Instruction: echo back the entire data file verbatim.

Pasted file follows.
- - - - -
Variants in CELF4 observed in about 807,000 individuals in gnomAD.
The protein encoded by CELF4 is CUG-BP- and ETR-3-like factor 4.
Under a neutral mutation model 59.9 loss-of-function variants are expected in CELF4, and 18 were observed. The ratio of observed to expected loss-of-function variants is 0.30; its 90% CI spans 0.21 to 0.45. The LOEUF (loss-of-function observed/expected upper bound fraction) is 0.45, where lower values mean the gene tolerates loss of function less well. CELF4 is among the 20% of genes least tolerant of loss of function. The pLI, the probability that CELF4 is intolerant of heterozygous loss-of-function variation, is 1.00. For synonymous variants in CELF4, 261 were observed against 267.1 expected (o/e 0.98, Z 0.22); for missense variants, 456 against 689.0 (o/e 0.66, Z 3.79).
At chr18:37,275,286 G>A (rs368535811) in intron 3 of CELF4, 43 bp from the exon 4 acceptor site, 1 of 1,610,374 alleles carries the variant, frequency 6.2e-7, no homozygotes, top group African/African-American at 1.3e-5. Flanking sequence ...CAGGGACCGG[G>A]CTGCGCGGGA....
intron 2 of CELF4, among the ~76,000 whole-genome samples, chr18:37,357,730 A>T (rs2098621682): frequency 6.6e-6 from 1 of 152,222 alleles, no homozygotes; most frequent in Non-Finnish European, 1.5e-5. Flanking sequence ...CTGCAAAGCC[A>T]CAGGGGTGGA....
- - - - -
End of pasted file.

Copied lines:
Variants in CELF4 observed in about 807,000 individuals in gnomAD.
The protein encoded by CELF4 is CUG-BP- and ETR-3-like factor 4.
Under a neutral mutation model 59.9 loss-of-function variants are expected in CELF4, and 18 were observed. The ratio of observed to expected loss-of-function variants is 0.30; its 90% CI spans 0.21 to 0.45. The LOEUF (loss-of-function observed/expected upper bound fraction) is 0.45, where lower values mean the gene tolerates loss of function less well. CELF4 is among the 20% of genes least tolerant of loss of function. The pLI, the probability that CELF4 is intolerant of heterozygous loss-of-function variation, is 1.00. For synonymous variants in CELF4, 261 were observed against 267.1 expected (o/e 0.98, Z 0.22); for missense variants, 456 against 689.0 (o/e 0.66, Z 3.79).
At chr18:37,275,286 G>A (rs368535811) in intron 3 of CELF4, 43 bp from the exon 4 acceptor site, 1 of 1,610,374 alleles carries the variant, frequency 6.2e-7, no homozygotes, top group African/African-American at 1.3e-5. Flanking sequence ...CAGGGACCGG[G>A]CTGCGCGGGA....
intron 2 of CELF4, among the ~76,000 whole-genome samples, chr18:37,357,730 A>T (rs2098621682): frequency 6.6e-6 from 1 of 152,222 alleles, no homozygotes; most frequent in Non-Finnish European, 1.5e-5. Flanking sequence ...CTGCAAAGCC[A>T]CAGGGGTGGA....